Archive for June, 2012


Dark is Beautiful

The most popular post on my blog is one I had written few years back about the subtle yet common discrimination in India against the dark skin. It touched a chord with hundreds of people, men and women who had suffered through discrimination silently but today were strong enough to talk about it. I especially got more emails from women, young and old who wrote touching stories, which made me realize women suffer more than men. Being told your skin is ugly and unattractive can be a blow to self esteem and confidence, which is a huge loss for our culture and even the economy. So I was excited to see a small non-profit, Dark is Beautiful bloom in Chennai focussing on highlighting the beauty of dark women and working on issues faced by such women. Track them on their facebook page if you are interested in their cause.

I leave you with the below poem shared on their facebook page.

Good Mothers by Saudha Kasim

Good mothers obey the old crones who hang
By the windowsills, staring into low-ceilinged, dark rooms.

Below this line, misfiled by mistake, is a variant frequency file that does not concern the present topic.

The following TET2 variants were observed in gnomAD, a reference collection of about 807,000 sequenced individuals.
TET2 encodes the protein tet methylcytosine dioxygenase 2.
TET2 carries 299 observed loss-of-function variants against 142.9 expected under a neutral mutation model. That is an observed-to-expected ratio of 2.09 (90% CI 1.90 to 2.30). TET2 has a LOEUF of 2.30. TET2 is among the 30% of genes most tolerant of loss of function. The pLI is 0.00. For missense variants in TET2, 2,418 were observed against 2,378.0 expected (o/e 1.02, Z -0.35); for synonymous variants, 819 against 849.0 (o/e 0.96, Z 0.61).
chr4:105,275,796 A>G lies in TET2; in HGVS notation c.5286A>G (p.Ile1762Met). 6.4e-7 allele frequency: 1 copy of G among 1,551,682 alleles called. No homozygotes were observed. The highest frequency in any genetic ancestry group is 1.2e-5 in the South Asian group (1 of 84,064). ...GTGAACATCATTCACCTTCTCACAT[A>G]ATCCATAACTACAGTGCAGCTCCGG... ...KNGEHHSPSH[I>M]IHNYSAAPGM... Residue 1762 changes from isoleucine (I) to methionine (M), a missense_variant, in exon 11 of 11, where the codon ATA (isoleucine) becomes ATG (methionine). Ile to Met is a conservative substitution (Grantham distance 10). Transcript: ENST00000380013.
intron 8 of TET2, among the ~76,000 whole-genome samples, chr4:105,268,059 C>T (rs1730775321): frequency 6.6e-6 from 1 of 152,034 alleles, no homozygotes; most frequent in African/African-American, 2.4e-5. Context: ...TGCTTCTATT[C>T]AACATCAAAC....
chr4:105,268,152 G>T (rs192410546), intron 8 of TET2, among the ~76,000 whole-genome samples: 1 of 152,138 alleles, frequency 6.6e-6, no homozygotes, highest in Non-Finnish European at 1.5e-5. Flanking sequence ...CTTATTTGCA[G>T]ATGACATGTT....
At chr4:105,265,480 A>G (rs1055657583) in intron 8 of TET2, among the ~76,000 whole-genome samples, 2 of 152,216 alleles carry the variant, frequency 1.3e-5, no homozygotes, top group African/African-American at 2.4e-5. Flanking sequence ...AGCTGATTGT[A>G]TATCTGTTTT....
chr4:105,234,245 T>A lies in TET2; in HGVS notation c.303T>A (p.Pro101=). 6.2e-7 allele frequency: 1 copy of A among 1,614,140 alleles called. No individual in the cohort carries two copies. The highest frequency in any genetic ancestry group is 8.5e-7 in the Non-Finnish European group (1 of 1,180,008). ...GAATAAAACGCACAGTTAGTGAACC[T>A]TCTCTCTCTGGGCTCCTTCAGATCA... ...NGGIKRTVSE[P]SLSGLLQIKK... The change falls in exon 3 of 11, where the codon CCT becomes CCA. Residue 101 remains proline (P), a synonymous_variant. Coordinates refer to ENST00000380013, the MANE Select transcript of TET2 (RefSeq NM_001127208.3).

Toothless and ashen-skinned, they suggest remedies:
Rose water, milk, honey, jasmine, powdery sandalwood.

Good mothers, pregnant and blooming, bathe in all that and
Listen to their mothers echo the interfering old crones.
The ones who suggest bleaching agents
Dredged from the earth and plucked from trees.

Good mothers rub gold rings in honey (vigorously)
And put the gold-flecked syrup drop by little drop
In their newborn’s mouth.
My mother, I guess, was not good.

She didn’t burn cattle skulls and catch the moon
In her bedtime glass of milk. She drank 7 Up and ate
Sardines with relish, burnt frankincense and read up
On Vodka and Cognac brands in Kala Kaumudi.

My mother didn’t stare at snow, but watched Ronald Reagan,
Stetson on his head and mounted on a mustang, chase villains
In black and white cowboy movies subtitled in Arabic.
My mother was not surprised at my burnt bronze skin.

My mother, unlike good mothers, didn’t cover me in Cuticura.
She didn’t want me paraded in whiteface, the Keralite Kabuki artiste.
She kissed my bronze toes and admired my unfair skin.
My mother sneers at whitening unguents and loves my dark brow.

My mother, stuck in a desert town, blew raspberries at
The old crones who gave good mothers white chicken feathers.
You couldn’t be anyone else, she whispered in my ear,
Black, brown, red, yellow.

My mother didn’t name me after Ayesha, the fairest consort.
Instead, she gave me the name of the Abyssinian widow.
Blackness, she says, it means blackness.
My mother gave me the gift of colour. 


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"I rarely end up where I was intending to go, but often I end up somewhere that I needed to be." - Douglas Adams

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